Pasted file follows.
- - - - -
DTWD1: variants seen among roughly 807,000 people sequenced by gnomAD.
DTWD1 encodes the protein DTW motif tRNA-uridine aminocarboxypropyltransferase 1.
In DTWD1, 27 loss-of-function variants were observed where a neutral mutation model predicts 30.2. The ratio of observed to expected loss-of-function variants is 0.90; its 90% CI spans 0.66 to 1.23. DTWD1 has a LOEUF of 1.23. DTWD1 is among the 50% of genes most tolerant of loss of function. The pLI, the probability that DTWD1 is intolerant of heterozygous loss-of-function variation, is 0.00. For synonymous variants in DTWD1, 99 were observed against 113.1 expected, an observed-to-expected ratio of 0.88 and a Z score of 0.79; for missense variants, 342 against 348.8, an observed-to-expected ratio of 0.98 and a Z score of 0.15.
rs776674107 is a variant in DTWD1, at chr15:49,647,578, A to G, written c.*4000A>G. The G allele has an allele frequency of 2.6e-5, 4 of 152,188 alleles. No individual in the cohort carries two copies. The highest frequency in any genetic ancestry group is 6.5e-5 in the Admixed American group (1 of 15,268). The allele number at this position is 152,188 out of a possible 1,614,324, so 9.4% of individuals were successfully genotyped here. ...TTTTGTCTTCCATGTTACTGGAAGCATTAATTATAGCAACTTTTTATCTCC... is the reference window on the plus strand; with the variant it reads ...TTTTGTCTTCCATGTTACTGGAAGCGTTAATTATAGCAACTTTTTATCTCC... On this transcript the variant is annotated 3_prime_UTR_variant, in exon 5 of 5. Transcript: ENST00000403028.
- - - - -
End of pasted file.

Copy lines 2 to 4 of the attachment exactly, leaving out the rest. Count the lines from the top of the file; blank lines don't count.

DTWD1 encodes the protein DTW motif tRNA-uridine aminocarboxypropyltransferase 1.
In DTWD1, 27 loss-of-function variants were observed where a neutral mutation model predicts 30.2. The ratio of observed to expected loss-of-function variants is 0.90; its 90% CI spans 0.66 to 1.23. DTWD1 has a LOEUF of 1.23. DTWD1 is among the 50% of genes most tolerant of loss of function. The pLI, the probability that DTWD1 is intolerant of heterozygous loss-of-function variation, is 0.00. For synonymous variants in DTWD1, 99 were observed against 113.1 expected, an observed-to-expected ratio of 0.88 and a Z score of 0.79; for missense variants, 342 against 348.8, an observed-to-expected ratio of 0.98 and a Z score of 0.15.
rs776674107 is a variant in DTWD1, at chr15:49,647,578, A to G, written c.*4000A>G. The G allele has an allele frequency of 2.6e-5, 4 of 152,188 alleles. No individual in the cohort carries two copies. The highest frequency in any genetic ancestry group is 6.5e-5 in the Admixed American group (1 of 15,268). The allele number at this position is 152,188 out of a possible 1,614,324, so 9.4% of individuals were successfully genotyped here. ...TTTTGTCTTCCATGTTACTGGAAGCATTAATTATAGCAACTTTTTATCTCC... is the reference window on the plus strand; with the variant it reads ...TTTTGTCTTCCATGTTACTGGAAGCGTTAATTATAGCAACTTTTTATCTCC... On this transcript the variant is annotated 3_prime_UTR_variant, in exon 5 of 5. Transcript: ENST00000403028.